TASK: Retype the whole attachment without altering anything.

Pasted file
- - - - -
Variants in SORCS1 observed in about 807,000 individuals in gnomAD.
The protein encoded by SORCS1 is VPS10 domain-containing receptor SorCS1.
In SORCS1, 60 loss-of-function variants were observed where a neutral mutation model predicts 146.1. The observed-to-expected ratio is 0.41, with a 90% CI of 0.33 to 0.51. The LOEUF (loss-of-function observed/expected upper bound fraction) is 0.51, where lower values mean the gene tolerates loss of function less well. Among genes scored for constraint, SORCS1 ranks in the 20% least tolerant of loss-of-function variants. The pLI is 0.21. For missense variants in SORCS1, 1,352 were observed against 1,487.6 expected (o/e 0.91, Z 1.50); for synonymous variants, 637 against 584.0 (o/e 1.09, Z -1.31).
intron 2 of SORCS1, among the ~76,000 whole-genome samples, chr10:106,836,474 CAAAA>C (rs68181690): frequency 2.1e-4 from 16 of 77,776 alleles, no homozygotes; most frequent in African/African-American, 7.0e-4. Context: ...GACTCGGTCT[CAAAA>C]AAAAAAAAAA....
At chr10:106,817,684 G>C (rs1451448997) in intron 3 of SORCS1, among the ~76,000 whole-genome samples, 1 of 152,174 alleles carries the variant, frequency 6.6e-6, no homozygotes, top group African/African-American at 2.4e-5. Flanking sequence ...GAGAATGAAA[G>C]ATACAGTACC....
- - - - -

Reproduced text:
Variants in SORCS1 observed in about 807,000 individuals in gnomAD.
The protein encoded by SORCS1 is VPS10 domain-containing receptor SorCS1.
In SORCS1, 60 loss-of-function variants were observed where a neutral mutation model predicts 146.1. The observed-to-expected ratio is 0.41, with a 90% CI of 0.33 to 0.51. The LOEUF (loss-of-function observed/expected upper bound fraction) is 0.51, where lower values mean the gene tolerates loss of function less well. Among genes scored for constraint, SORCS1 ranks in the 20% least tolerant of loss-of-function variants. The pLI is 0.21. For missense variants in SORCS1, 1,352 were observed against 1,487.6 expected (o/e 0.91, Z 1.50); for synonymous variants, 637 against 584.0 (o/e 1.09, Z -1.31).
intron 2 of SORCS1, among the ~76,000 whole-genome samples, chr10:106,836,474 CAAAA>C (rs68181690): frequency 2.1e-4 from 16 of 77,776 alleles, no homozygotes; most frequent in African/African-American, 7.0e-4. Context: ...GACTCGGTCT[CAAAA>C]AAAAAAAAAA....
At chr10:106,817,684 G>C (rs1451448997) in intron 3 of SORCS1, among the ~76,000 whole-genome samples, 1 of 152,174 alleles carries the variant, frequency 6.6e-6, no homozygotes, top group African/African-American at 2.4e-5. Flanking sequence ...GAGAATGAAA[G>C]ATACAGTACC....